Mechanics of Axial Compression of Single and Multi-Wall Carbon Nanotubes

[+] Author and Article Information
A. Pantano, M. C. Boyce, D. M. Parks

Department of Mechanical Engineering, Massachusetts Institute of Technology, Cambridge, MA

J. Eng. Mater. Technol 126(3), 279-284 (Jun 29, 2004) (6 pages) doi:10.1115/1.1752926 History: Received March 03, 2003; Revised March 01, 2004; Online June 29, 2004
Copyright © 2004 by ASME
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Grahic Jump Location
Axial compression of single wall carbon nanotubes—load versus macroscopic axial strain, εaxial=Δ/L. The deformed configurations at the indicated stages are shown for each simulation.
Grahic Jump Location
Axial compression of a nine-walled carbon nanotube: (a) the deformed configuration, and (b) the axial stress distribution of the outermost surface of each wall at a macroscopic axial strain of 2.1 percent; light regions indicate high compressive stress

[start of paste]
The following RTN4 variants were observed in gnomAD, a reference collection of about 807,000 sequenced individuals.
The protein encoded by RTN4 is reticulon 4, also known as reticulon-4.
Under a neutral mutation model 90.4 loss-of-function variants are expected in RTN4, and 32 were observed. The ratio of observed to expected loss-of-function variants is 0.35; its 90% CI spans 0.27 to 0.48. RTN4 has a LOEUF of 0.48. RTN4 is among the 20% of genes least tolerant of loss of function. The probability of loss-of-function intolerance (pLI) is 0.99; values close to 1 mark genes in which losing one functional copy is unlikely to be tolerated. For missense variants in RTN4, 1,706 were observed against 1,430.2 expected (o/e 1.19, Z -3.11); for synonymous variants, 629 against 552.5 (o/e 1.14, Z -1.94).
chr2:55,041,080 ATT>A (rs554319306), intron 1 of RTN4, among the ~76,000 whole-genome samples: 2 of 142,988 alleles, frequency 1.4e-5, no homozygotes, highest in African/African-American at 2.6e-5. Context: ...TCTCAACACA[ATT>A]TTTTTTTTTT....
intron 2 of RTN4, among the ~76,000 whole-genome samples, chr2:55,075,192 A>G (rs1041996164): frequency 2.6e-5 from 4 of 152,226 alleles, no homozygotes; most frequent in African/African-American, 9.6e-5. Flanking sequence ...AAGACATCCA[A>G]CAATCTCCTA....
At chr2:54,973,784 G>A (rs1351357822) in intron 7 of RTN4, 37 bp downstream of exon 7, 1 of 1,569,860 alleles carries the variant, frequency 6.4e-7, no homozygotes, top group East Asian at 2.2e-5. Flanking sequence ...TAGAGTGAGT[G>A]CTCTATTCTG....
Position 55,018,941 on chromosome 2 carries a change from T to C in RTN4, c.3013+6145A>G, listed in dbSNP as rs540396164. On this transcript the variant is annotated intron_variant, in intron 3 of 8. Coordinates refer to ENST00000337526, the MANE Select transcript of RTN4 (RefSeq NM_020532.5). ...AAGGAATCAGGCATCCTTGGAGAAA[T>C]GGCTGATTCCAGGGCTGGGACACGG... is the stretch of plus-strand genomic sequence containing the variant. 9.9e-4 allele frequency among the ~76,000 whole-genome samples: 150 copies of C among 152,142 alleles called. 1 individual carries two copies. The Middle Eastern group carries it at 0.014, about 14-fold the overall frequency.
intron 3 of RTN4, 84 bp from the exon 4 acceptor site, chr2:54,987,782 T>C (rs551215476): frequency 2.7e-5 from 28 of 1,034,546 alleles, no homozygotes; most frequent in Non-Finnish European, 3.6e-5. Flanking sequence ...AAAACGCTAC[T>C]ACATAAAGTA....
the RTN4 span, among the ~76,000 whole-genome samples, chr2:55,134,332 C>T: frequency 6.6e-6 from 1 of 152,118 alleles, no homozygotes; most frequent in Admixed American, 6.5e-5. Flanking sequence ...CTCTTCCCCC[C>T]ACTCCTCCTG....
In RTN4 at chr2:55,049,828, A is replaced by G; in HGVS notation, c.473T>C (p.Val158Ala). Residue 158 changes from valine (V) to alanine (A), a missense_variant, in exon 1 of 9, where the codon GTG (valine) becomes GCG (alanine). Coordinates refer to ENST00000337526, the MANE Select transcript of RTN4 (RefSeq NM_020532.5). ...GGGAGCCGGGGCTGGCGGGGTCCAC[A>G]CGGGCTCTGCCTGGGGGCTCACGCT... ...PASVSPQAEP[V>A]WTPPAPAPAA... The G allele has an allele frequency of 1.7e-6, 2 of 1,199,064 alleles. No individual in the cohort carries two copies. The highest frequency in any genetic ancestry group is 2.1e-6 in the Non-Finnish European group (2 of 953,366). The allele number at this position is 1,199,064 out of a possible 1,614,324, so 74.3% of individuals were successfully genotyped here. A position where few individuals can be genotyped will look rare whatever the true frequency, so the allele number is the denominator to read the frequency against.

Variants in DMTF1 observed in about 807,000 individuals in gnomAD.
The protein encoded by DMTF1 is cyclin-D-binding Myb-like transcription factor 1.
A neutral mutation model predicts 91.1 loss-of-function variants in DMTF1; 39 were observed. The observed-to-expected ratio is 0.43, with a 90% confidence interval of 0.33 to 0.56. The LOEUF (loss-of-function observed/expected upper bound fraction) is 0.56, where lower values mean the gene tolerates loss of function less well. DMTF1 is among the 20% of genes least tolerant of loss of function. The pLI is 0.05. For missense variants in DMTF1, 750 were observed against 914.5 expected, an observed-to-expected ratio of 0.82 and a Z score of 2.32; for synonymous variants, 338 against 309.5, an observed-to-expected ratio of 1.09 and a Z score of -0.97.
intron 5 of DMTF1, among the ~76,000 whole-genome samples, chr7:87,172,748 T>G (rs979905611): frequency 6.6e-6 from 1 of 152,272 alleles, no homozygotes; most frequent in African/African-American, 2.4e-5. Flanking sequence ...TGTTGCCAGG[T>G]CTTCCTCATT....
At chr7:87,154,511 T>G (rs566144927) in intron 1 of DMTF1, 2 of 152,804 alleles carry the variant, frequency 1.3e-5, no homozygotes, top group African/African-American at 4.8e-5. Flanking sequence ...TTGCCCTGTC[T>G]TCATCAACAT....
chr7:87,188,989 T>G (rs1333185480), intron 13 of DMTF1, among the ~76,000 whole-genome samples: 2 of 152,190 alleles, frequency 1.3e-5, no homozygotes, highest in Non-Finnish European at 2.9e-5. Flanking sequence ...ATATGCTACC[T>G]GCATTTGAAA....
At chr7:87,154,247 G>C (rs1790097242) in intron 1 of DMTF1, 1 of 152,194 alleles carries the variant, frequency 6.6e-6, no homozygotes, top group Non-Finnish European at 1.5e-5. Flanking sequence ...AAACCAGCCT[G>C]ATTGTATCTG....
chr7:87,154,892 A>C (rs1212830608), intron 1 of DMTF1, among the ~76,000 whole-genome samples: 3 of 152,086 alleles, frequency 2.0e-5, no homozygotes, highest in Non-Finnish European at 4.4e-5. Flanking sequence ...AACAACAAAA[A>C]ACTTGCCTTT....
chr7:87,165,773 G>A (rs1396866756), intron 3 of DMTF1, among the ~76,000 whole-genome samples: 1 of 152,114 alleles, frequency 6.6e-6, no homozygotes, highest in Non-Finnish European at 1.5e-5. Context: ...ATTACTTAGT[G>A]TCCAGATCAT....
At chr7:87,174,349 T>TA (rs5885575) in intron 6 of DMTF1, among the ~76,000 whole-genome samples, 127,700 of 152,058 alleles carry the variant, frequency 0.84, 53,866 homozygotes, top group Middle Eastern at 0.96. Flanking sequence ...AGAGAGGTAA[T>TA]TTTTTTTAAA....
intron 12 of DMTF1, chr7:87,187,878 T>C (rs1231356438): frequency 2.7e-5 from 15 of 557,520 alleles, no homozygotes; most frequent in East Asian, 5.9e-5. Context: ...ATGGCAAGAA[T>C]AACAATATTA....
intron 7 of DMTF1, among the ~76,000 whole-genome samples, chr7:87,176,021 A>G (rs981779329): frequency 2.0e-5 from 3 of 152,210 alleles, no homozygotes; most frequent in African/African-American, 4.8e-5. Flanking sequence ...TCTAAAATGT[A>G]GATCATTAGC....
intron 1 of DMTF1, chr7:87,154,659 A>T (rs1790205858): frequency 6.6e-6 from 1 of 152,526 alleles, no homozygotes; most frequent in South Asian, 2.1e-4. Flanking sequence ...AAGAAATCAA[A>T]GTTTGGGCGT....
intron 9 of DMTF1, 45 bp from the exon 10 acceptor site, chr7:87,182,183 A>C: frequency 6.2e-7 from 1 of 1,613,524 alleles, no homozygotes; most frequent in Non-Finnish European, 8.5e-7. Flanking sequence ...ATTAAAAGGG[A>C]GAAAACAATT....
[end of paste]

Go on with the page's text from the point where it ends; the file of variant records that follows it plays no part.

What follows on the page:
Grahic Jump Location
Axial compression of a nine-walled carbon nanotube. Axial section of the deformed configurations at the macroscopic axial strain of (a) 1.66 percent and (b) 2.1 percent.
Grahic Jump Location
Distribution of the inter-wall pressure, in N/nm2 , on the central portion of wall no. 8 due to the interaction with the outermost wall, no. 9, at (a) εaxial=1.66 percent and (b) εaxial=3.7 percent
Grahic Jump Location
Contour plots of the inter-wall pressure on wall no. 8 are shown in the left column and axial sections of the deformed configurations are shown in the right column, at the indicated axial strains for an arc of 90 deg along the circumference of the tube and a length in the axial direction that is twice the final wavelength, λ
Grahic Jump Location
Axial compression of nine-walled carbon nanotubes. The deformed configurations at εaxial=3.7 percent are shown for (a) a vdW interaction reduced in strength by one-half, (b) the actual vdW interaction, and (c) a vdW interaction of twice the actual strength.




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